Curtains, carpet, bedspread. Everything is either manic holding-tank yellow or thorazine brown. The bedspread resembles a freshly-dug grave mound, an Addams Family bouquet of dead flowers. The coverlet is suffering from bi-polar syndrome, now clearly in its depressive mode—the primary colors have run away in panic leaving only the drab, dowdy burnt umbers and raw siennas.
Bathroom. Brown alluvial tiles on the floor. The tiles on the bathroom wall are cream colored with rough brown oatmeal-textured surface. Oh, no. I begin seeing little troll faces in these tiles, needle-point eyes, alarmed O-shaped mouths screaming—Devonian demons trapped in the clay, sealed there for millions of years. The shower head, a long thin dinosaur snout bursting through the wall, an eyeless, rapacious chrome predator...
"I'm wondering if the patterns of the tiles possibly be Mayan calendrical signs predicting rain, sacrifice, volcanoes, UFOs, bird-headed snakes—when out of the side of my eye I catch sight of the homunculus of myself. He is also taking a bath and is pale as Lazarus in an early Netherlandish altarpiece, reflected in the chrome to resemble myself in the afterlife. One’s self as might be seen in a painting by Lucian Freud—worn out, the flesh as metaphor. Vaguely distressed, bewildered, a bit pathetic, unearthly. Ready for the embalmer. .. Who is this creature? ...
"A diminutive self-portrait in a convex chrome appliance. Hidden behind a silvery screen of false silver—the indifference of chrome. As substance, we are poles apart from wood or stone, but we can identify with their rough, organic planes. We can imagine being wood. But chrome—we will never be chrome.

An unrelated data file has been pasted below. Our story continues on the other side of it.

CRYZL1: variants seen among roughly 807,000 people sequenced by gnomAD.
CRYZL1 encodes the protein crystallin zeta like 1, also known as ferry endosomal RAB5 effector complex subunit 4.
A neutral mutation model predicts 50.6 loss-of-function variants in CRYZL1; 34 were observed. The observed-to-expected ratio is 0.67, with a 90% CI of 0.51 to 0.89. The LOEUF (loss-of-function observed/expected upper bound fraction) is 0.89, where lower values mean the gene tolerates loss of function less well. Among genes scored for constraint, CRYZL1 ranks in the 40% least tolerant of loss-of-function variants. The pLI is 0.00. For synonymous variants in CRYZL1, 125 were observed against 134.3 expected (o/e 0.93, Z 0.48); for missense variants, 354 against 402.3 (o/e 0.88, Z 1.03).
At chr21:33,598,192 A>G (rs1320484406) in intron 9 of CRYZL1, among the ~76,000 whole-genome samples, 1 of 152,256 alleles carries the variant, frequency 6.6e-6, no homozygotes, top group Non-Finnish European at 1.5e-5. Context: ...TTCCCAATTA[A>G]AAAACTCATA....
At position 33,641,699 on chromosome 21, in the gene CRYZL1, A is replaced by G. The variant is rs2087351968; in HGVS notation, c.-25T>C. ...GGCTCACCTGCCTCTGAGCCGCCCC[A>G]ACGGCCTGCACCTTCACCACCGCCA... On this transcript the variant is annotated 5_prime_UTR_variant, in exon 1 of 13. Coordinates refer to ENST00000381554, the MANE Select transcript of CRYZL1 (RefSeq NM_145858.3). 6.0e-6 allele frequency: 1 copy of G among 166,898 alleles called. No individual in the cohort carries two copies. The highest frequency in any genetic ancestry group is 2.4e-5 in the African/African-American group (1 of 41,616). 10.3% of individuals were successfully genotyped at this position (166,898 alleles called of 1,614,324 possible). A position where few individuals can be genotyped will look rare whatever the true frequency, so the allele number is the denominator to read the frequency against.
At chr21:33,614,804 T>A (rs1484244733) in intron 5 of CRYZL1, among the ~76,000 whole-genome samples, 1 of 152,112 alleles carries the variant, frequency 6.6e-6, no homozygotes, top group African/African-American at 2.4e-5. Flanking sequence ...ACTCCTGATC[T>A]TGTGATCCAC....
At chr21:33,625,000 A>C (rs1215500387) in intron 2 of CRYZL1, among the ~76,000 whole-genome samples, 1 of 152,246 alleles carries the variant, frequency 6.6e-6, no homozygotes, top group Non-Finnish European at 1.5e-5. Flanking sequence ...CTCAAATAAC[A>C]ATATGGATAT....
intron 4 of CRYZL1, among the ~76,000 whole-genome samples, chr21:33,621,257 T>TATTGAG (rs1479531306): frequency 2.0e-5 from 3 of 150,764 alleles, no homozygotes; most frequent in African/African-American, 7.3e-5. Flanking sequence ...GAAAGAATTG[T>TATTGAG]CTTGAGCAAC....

My secret sharer, his skin’s surface as yellow as a leaf. He navigates my face in search of answers. He examines me with a calm, resigned look, like a 2nd century funerary portrait from Fayum, Egypt. .. My doppelganger is a creature of great melancholy and forbearance, miming my every action. Was he the one that ran the show, my engineer? My KA, as the ancient Egyptians would say, operator of my soul. Caught by surprise in a metal mirror. The desperate nature of the room, its brazen hideousness had startled him into existence. Aroused such pity and sadness in him he'd awoken with fright in his chamber in the hippocampus. The room itself had winkled him out."
So there it was, reflected in the chrome faucet while David is taking a bath, he discovers the homunculus of himself, also taking a bath: "One's self as might be seen in a painting by Lucien Freud," he writes, "worn out...vaguely distressed, bewildered, a bit pathetic, unearthly. Ready for the embalmer."
According to David, narcotic melancholy suits his view of life. "My homunculus, alas, is not a private Mahatma blogging assistant, as your charming reptile is. Perhaps you can tell me how to get one?"
I pass the question on to Virgil. I can't really speak for his suggestions, but it seems like there were several options. However, since I preferred the first, that is the one I'm offering here: "Ask Ezra Pound's girlfriend."